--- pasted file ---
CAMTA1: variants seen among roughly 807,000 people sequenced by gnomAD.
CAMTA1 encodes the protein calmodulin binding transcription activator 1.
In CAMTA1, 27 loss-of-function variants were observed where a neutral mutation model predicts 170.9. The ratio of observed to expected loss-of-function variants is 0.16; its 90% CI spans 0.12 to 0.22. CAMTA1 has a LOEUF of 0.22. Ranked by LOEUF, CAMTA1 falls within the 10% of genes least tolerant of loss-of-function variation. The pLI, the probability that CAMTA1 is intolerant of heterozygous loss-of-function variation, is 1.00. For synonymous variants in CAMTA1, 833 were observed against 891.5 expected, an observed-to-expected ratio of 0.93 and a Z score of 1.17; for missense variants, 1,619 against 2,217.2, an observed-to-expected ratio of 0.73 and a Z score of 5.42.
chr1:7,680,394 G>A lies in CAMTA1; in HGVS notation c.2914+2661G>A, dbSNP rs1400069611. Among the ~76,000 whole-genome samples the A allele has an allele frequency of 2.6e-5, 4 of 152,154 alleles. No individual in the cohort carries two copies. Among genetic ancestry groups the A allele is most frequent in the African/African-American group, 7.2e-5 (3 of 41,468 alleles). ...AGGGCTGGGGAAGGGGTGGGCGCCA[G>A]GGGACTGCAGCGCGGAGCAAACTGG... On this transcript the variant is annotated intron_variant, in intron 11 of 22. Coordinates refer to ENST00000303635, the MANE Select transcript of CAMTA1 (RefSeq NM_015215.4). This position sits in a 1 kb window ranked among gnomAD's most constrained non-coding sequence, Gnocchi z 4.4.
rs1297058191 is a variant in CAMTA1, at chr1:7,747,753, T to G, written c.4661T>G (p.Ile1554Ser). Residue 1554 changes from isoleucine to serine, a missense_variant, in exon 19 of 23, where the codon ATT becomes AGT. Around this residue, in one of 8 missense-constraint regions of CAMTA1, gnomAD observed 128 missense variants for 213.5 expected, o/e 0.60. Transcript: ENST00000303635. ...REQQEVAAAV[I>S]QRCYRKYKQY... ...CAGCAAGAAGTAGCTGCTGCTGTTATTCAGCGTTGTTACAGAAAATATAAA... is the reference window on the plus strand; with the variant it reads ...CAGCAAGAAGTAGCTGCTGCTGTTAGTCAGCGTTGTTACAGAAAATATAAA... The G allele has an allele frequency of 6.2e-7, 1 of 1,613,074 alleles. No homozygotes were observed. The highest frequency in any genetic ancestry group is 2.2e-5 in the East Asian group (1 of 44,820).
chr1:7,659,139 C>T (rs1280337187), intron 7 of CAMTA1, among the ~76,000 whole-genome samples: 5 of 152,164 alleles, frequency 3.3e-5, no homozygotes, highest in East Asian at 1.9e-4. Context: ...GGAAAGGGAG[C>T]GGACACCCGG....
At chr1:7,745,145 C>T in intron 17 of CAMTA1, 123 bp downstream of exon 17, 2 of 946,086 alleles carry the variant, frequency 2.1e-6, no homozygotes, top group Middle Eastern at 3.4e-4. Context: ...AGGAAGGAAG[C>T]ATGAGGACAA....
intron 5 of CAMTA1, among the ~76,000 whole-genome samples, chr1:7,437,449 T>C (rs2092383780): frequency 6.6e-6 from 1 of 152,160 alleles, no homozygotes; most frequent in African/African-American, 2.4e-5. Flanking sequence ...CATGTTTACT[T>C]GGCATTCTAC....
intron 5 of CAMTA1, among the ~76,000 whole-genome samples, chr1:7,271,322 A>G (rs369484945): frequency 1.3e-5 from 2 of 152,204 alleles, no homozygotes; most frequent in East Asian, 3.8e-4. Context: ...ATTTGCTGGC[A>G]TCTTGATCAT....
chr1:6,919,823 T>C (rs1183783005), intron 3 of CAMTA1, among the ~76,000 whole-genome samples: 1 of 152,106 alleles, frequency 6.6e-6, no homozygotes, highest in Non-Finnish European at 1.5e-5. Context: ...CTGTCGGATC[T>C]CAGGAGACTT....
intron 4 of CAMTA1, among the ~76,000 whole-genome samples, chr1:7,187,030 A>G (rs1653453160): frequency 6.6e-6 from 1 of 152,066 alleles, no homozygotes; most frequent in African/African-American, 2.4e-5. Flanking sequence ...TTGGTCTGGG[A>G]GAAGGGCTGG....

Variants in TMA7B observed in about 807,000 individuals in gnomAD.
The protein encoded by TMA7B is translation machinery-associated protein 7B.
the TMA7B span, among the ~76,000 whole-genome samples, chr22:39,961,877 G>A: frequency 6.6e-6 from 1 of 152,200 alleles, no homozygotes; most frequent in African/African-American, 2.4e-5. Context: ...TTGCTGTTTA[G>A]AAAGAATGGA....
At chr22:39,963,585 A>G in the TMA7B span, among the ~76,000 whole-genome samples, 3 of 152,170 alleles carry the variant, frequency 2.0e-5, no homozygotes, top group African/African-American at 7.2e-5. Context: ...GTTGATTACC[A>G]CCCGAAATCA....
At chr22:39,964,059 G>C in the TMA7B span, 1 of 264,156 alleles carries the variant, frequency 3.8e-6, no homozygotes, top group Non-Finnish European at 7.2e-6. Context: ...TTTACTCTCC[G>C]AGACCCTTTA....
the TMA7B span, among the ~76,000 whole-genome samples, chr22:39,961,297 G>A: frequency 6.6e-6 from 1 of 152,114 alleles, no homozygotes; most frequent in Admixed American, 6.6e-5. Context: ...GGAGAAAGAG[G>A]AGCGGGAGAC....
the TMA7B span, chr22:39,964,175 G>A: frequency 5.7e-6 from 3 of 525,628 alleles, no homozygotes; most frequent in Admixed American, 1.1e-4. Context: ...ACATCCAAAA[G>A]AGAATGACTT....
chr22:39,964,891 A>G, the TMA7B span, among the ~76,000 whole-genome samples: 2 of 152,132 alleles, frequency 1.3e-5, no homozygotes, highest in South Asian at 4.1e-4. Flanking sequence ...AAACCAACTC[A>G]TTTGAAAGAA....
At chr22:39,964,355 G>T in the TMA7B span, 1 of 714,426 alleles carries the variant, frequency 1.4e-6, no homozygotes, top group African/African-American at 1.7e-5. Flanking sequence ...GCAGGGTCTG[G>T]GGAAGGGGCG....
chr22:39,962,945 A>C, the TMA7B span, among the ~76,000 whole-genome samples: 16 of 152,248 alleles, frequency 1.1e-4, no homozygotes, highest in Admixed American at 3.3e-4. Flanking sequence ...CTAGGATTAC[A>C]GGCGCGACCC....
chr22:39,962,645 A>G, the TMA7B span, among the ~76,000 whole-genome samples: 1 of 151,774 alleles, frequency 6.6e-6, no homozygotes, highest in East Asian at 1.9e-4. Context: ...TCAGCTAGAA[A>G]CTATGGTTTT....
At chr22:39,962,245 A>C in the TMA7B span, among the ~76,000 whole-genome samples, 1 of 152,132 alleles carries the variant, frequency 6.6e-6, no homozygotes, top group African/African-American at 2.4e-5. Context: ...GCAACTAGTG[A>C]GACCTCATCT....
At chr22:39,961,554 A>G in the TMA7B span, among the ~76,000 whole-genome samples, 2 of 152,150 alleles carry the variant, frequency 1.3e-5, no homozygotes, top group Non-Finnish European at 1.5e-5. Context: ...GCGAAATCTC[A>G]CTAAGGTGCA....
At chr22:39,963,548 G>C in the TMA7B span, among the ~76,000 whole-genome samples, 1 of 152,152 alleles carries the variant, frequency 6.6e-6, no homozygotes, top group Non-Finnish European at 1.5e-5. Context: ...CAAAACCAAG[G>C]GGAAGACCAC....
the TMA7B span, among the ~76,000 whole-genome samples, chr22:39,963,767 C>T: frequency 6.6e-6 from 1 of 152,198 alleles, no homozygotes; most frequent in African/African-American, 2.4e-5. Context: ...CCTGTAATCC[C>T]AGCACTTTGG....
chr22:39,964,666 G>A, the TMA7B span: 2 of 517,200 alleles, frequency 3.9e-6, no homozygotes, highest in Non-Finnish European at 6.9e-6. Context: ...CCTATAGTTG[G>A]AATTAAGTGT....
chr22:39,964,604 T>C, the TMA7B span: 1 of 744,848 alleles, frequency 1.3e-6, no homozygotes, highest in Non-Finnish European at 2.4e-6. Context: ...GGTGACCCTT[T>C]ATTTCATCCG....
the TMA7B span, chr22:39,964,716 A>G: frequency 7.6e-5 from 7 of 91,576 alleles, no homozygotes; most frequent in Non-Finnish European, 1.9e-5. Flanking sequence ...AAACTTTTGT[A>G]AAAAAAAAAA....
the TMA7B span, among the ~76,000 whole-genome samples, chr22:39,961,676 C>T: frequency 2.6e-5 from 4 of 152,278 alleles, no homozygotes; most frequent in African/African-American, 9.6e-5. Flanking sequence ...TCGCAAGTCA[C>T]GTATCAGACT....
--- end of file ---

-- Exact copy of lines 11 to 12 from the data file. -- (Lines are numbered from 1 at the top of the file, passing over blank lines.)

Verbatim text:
intron 4 of CAMTA1, among the ~76,000 whole-genome samples, chr1:7,187,030 A>G (rs1653453160): frequency 6.6e-6 from 1 of 152,066 alleles, no homozygotes; most frequent in African/African-American, 2.4e-5. Flanking sequence ...TTGGTCTGGG[A>G]GAAGGGCTGG....

Variants in TMA7B observed in about 807,000 individuals in gnomAD.